Portrait of an Affenpinscher
Credit: "Affenpinscher portrait" by Ingunn-67mod, is licensed under CC BY 3.0


Affenpinschers are funny little dogs with a comical and inquisitive look about them. They look a lot like terriers, but they are actually part of the pinscher-schnauzer of group 2 in the FCI classification (Fédération Cynologique Internationale). This monkey faced dog is a rare breed that became popular after Banana Joe, a five-year-old Affenpinscher, was named Best in Show at the 2013 Westminster Kennel Club Dog Show in New York City[1]. Aspiring owners can find out more about the history, appearance, temperement, training, health and proper care of a feisty and fearless little animal.


Affenpinschers are one of the oldest toy breeds. They originated in Germany in the 17th century. These little dogs were used as mousers or ratters on farms, granaries or in food industries throughout Central Europe.

Early Depiction of An Affenpinscher DogCredit: public domain imageTheir ancestors were probably the small, rough-coated, bearded dogs depicted in paintings dating back to the 15th century. The Arnolfini Portrait by Van Eyck is on such example. Much of the breeds history is rather unclear. They may have been crossed with Pugs, smoothcoated German Pinschers, and a dog known as the German Silky Pinscher[2]. The breed predates and is ancestral to the Griffon Bruxellois (Brussels Griffon) and Miniature Schnauzer. Dogs of the Affenpinscher type have been known since about 1600 and at that time they were a bit larger, about 12 to 13 inches. Eventually, they were bred down in size and became ladies' companions.

Their name actually means “monkey-like terrier” and you can clearly see why. In France the breed is described as “Diablotin Moustachu” or “Mustached Little Devil”. This appellation matches wonderfully their appearance and temperament.  



An Affenpinscher Dog
Credit: "Affenpinscher" by Ger Dekker, under CC BY-SA 2.0


Affies have got a very distinct look. They usually stand 9.5 to 11.5 inches tall and weigh 8 to 10 pounds. They have got a round head, short muzzle, round and dark expressive eyes, and erect ears (natural or cropped).

The rough coat is about an inch long. There is slightly longer hair on the face to emphasize the features of this adorable monkey dog. The head is typically adorned by bushy, bristly eyebrows. The wreath-like hair surround the eyes and the face creating a mane or cape that blends into the back coat. Affenpinschers come in colours. Their coat can be black (most common), silver, gray, red or black and tan. These are all acceptable characteristics of the standard breed. The tail may be docked or natural.

This funny looking dog has gained cosiderable popularity after the win of Banana Joe, and for good reason. They are simply adorable!


Always alert and persistent, Affenpinschers are also playful and full of energy. In this respect they are quite similar to terriers. They are funny little dogs with a quirky sense of humour. This is generally a quiet breed, but when threatened or attacked, it becomes quite excited. The little monkey face is absolutely fearless toward any aggressor. Affies are quite agreeable family dogs. They are fine with kids as long as they treat the dog with respect. They get along with other pets, but you should probably teach them not to chase the family cat!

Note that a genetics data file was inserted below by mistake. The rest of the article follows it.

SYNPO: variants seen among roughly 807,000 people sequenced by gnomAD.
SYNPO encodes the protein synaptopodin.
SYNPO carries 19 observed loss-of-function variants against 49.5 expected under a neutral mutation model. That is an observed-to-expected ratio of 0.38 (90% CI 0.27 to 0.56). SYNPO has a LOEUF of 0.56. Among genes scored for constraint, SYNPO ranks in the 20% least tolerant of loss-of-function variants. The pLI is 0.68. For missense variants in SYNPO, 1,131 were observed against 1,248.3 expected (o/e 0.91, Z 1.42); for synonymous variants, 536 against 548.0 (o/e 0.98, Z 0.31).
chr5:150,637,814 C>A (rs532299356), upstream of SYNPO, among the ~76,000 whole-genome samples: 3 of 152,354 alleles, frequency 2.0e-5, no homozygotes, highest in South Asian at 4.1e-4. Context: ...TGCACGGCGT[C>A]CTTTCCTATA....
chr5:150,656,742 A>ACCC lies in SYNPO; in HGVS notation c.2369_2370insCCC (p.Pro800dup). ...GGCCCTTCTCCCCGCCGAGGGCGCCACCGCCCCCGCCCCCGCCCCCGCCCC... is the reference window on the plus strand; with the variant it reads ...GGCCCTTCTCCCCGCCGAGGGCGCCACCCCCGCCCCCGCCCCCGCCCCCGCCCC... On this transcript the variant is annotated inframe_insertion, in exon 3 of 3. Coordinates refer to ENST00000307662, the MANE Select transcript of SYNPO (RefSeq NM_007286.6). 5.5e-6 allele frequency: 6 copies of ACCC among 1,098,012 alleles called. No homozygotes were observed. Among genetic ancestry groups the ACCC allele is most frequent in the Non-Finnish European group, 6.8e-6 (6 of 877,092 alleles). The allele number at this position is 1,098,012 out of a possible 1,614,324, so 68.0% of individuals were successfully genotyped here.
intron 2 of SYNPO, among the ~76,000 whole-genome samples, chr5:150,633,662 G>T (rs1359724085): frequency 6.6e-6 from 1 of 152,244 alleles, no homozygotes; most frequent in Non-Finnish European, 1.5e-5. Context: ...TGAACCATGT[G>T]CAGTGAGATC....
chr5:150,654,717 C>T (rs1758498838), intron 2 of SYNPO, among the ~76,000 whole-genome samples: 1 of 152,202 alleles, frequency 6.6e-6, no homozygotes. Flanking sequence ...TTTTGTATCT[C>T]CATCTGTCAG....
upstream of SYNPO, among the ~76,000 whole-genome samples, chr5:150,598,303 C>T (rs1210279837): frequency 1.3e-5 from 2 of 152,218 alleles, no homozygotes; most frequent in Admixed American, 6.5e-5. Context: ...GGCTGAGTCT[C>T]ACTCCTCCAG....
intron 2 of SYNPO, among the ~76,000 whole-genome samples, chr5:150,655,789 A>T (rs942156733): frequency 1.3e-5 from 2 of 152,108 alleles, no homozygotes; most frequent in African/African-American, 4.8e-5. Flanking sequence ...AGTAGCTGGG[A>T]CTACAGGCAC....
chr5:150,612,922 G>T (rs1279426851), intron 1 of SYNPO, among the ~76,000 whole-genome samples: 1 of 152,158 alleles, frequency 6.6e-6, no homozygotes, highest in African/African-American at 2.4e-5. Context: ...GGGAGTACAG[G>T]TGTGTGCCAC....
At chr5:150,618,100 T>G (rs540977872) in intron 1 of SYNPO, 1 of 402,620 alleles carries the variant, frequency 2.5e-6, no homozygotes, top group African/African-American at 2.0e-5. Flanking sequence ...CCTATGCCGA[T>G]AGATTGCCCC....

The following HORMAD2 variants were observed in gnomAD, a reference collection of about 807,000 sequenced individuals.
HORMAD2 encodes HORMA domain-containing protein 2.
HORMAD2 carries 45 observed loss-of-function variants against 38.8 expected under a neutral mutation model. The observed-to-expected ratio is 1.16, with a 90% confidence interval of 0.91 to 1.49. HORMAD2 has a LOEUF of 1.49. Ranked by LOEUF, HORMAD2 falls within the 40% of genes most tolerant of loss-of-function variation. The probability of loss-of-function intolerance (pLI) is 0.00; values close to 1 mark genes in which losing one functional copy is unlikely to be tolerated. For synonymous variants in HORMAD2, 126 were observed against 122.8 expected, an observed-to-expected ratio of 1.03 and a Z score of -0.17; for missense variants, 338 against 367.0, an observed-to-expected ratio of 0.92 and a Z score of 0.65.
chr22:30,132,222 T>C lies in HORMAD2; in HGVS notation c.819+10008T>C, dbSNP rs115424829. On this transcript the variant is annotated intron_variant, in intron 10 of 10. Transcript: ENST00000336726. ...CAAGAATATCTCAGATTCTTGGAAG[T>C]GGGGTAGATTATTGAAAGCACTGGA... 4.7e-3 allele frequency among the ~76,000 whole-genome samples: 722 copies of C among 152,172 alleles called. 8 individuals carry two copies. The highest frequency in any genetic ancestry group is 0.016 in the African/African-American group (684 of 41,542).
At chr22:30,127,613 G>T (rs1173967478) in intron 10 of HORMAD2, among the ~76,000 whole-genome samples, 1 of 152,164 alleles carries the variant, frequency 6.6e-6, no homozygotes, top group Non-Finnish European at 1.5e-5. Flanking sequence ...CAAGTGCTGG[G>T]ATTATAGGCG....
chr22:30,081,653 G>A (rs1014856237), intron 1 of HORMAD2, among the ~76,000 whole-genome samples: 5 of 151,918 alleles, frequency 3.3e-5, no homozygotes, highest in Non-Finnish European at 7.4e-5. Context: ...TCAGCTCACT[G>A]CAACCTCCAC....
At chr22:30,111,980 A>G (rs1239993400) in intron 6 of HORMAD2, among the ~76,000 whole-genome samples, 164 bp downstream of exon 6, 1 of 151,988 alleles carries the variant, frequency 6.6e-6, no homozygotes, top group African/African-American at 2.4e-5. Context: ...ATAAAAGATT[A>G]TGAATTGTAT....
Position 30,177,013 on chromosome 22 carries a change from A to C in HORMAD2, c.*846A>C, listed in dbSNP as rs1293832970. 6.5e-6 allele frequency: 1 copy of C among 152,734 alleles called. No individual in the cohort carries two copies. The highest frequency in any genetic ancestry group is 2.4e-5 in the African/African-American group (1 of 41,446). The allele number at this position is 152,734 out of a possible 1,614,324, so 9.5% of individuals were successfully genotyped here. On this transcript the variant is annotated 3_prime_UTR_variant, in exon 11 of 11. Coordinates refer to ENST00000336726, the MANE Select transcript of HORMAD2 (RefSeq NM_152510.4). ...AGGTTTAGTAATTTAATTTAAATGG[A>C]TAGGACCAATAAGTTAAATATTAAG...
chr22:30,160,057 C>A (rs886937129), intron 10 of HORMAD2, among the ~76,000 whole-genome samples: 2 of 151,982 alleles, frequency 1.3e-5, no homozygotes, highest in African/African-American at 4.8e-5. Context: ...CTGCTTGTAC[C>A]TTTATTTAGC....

House training these dogs could prove a challenge. This is a quirky dog, so it may or may not cooperate with your training. The Affenpinscher Club of America recommends that these dogs attend puppy training classes for socialization, basic obedience training, or even house training if it is necessary[3].

The training should be structured, consistent, but also fun. Affies are eager to learn and to please their people. It is essential that they are taught with positive reinforcement techniques such as praise, play, and food rewards. Affenpinschers enjoy canine sports and games, and, of course, trick training.

Health Issues

Affenpinschers are healthy little dogs, but like all breeds, they may be prone to certain health conditions. Hip dysplasia and knee problems can be an issue for these dogs. Like all small breeds, they might suffer from patellar luxation. This happens when the femur, patella and tibia aren't properly lined up. Another concern for small dogs is the so called Legg-Perthes disease, that is a deformation of the hip joint. Both issues can eventually lead to arthritis.

Affies can have breathing problems during hot, humid weather. Eye cataracts could also be an issue for these dogs. In a UK study the average life span of Affepinschers was 11.4 years[4]. This is a shorter life span than most small breeds, although the sample of the study was small and they might live 12 up to 16 years.

An Affenpischer Dog with a Silver CoatCredit: "Molly" by Dean Jarvey, licensed under CC BY 2.0.

Credit: "Molly" by Dean Jarvey, licensed under CC BY 2.0.

Affenpinscher Care Tips

The Affepinscher requires moderate exercise. Short, brisk, daily walks or some playtime at the backyard are just the thing for the small bearded devils. The recommended daily amount of food for an adult dog is 1/4 to 1/2 cup of high-quality dry food a day, divided into two helpings[2] . This of course could vary depending on the individual dog.

The desired appearance of the breed is described as “shaggy but neat”. Grooming the Affenpinscher is no walk in the park. They need to be brushed several times a week with both a slick brush and a metal comb.Show dogs must be hand stripped. This happens several times a year to maintain the coat's characteristic feel. The stripping technique involves pulling “dead” hair out by hand. Most pet dogs are usually groomed with scissors and clippers by a professional groomer.